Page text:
Sunday, 15 July 2012

Market-leading loan rates fall below 6%

Derbyshire BS and Sainsbury's have jumped to the top of the personal loan best buy tables by cutting their rates to less than 6%.

If you need to borrow money but are worried about the cost, the fact that Derbyshire Building Society has slashed its personal loan rate will be welcome news.

Now customers wanting to borrow anything between £7,500 and £14,999 over five years can apply for a market-leading rate of 5.9%.

This is the lowest the Nationwide Group (which owns the Derbyshire) has ever gone for personal loans.
5.9% is the new 6%
Derbyshire is not the only lender to cut its personal loan rate below 6% though. Sainsbury's
 has also moved its rate for loans of between £7,500 and £15,000 over a five-year term to 5.9%. In fact, you can get an even lower rate of 5.8% should you agree to pay the loan off quicker, over a term of one to three years.

And Barclays has cut the rate it offers on loans of between £10,000 and £25,000 from 6.2% to 5.9%.

The Barclays loan is available over two to five years and comes with a price match guarantee giving customers a £50 one-off payment if they can find the loan cheaper elsewhere within 30 days. But the catch is these loans are only available to existing customers and you have to borrow more than Derbyshire and Sainsbury's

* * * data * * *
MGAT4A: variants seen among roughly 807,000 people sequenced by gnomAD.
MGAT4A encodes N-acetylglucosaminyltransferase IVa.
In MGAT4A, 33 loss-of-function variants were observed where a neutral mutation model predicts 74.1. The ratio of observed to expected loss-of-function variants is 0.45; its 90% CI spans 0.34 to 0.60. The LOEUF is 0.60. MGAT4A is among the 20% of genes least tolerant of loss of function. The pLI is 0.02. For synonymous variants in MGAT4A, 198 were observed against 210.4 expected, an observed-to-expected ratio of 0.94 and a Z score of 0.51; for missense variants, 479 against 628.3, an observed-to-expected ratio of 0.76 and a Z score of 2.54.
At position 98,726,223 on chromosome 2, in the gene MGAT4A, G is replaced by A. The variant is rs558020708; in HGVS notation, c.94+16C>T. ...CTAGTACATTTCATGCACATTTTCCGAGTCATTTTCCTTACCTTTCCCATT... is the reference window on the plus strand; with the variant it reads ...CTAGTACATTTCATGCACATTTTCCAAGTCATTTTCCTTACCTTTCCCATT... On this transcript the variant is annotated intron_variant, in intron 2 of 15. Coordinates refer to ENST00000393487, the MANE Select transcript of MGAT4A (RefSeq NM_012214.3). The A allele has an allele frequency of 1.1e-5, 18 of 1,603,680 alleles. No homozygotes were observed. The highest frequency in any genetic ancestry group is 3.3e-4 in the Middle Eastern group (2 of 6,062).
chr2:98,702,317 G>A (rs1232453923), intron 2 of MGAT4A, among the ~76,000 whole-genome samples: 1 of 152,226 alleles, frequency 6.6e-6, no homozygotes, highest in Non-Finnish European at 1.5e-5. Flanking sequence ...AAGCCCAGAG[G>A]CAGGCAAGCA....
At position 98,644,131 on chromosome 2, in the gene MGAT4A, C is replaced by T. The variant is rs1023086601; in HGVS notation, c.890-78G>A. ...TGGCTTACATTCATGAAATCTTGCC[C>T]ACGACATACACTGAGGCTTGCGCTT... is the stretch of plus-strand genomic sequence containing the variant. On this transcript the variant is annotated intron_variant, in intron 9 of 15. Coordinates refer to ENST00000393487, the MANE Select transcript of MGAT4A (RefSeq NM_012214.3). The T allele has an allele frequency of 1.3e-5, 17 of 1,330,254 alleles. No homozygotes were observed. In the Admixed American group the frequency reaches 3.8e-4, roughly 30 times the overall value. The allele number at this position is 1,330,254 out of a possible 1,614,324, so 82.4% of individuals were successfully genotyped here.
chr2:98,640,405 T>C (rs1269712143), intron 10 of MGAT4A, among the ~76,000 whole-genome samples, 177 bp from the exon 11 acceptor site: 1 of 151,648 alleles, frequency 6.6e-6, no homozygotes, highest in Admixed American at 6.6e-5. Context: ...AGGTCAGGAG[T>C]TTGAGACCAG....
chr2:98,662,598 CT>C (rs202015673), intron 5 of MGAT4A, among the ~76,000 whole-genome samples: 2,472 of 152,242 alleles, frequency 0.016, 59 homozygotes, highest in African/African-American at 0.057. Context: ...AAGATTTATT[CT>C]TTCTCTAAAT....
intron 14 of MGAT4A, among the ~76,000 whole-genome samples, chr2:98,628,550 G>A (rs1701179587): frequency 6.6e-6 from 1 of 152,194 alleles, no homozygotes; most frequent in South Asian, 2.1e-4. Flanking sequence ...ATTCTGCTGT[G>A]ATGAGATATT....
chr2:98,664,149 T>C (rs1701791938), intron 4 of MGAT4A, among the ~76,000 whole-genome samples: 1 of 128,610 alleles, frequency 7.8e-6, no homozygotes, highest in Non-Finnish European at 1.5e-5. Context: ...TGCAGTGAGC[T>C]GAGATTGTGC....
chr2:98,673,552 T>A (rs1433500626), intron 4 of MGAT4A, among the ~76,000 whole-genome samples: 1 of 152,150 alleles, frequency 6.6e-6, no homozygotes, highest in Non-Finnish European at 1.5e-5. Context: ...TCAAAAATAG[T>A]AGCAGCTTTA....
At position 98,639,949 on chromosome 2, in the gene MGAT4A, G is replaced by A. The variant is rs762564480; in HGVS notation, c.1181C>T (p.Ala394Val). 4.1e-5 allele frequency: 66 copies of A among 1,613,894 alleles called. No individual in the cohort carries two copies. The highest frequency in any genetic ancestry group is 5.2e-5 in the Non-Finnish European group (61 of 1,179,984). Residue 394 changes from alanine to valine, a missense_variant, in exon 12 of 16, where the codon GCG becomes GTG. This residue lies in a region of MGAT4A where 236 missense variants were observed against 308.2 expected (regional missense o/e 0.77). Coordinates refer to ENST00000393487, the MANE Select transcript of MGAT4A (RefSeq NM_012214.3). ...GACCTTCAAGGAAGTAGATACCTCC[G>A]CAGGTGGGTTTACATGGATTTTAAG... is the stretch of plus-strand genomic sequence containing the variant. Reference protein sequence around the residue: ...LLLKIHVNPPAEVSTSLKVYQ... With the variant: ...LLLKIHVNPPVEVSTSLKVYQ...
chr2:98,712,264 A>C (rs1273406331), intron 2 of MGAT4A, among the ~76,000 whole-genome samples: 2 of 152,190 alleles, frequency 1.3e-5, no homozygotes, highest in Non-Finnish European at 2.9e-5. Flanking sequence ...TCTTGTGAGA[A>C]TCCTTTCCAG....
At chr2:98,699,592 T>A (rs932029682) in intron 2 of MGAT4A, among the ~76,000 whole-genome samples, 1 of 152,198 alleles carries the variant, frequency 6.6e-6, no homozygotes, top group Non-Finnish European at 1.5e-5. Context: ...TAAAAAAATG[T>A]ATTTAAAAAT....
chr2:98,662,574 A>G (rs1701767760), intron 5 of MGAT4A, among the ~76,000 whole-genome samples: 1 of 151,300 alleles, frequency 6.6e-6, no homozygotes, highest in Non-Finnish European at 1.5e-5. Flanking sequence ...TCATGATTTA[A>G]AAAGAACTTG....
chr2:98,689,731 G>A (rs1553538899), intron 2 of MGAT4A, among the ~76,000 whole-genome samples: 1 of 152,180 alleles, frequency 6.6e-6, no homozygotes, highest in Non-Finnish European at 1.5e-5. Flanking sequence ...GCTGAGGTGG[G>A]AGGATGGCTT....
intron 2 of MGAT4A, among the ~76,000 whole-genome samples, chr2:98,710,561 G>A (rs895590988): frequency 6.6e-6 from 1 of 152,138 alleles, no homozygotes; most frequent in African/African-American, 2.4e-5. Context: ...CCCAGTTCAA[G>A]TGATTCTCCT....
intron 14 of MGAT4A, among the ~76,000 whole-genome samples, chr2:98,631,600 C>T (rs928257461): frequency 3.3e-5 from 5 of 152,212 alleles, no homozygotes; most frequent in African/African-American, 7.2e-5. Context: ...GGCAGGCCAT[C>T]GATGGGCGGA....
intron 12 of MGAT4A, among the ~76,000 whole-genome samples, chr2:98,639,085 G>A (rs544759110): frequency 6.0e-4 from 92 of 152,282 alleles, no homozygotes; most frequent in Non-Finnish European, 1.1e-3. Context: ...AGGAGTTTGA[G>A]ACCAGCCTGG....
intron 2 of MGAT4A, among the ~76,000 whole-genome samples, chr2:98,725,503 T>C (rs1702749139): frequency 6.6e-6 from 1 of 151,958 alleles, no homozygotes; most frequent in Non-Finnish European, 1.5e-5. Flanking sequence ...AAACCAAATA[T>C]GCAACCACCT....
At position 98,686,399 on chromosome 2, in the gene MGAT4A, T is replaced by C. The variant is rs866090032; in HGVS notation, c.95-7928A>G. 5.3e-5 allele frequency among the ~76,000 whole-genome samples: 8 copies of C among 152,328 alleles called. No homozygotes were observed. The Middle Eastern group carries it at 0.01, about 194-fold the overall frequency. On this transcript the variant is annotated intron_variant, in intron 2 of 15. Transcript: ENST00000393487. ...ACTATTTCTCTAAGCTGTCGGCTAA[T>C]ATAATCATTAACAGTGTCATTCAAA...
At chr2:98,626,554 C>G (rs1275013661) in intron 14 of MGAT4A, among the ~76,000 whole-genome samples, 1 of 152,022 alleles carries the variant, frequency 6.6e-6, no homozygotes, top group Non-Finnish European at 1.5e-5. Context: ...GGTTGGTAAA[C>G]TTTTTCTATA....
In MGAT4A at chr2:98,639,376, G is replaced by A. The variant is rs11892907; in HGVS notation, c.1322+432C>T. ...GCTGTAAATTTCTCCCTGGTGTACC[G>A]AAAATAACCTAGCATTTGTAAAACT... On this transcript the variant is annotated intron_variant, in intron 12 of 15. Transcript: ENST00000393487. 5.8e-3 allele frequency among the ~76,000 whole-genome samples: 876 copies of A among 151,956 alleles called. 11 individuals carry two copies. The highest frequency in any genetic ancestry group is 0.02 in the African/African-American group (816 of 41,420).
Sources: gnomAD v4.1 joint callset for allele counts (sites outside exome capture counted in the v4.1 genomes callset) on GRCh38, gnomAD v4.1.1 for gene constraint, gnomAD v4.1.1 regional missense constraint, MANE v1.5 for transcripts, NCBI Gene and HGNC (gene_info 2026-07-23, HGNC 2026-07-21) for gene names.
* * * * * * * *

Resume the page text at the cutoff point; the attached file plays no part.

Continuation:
to activate the best rate.

Borrowing £7,500 over five years
Here is a roundup of the most competitive loans available for borrowing £7,500 over five years, ranked by lowest typical APR.
Typical APR
Monthly repayment
Total amount repayable
M&S Personal Loan
Existing Customer Personal Loan
What are the chances?
When taking out a loan you should remember that the attractive advertised rate is not necessarily the rate you will be given if you're accepted.

Lenders like Derbyshire are only obliged to give the headline price to 51% of applicants while the rest can expect to receive a higher rate.

Read what really damages your credit rating and make sure you check your credit profile to avoid being part of the 49%.

The alternatives
If you need to borrow money you don't always have to turn to a loan.

One alternative is to take out a 0% credit card. This could be more appropriate for your needs and help you cover costs without incurring any extra debt for a set period.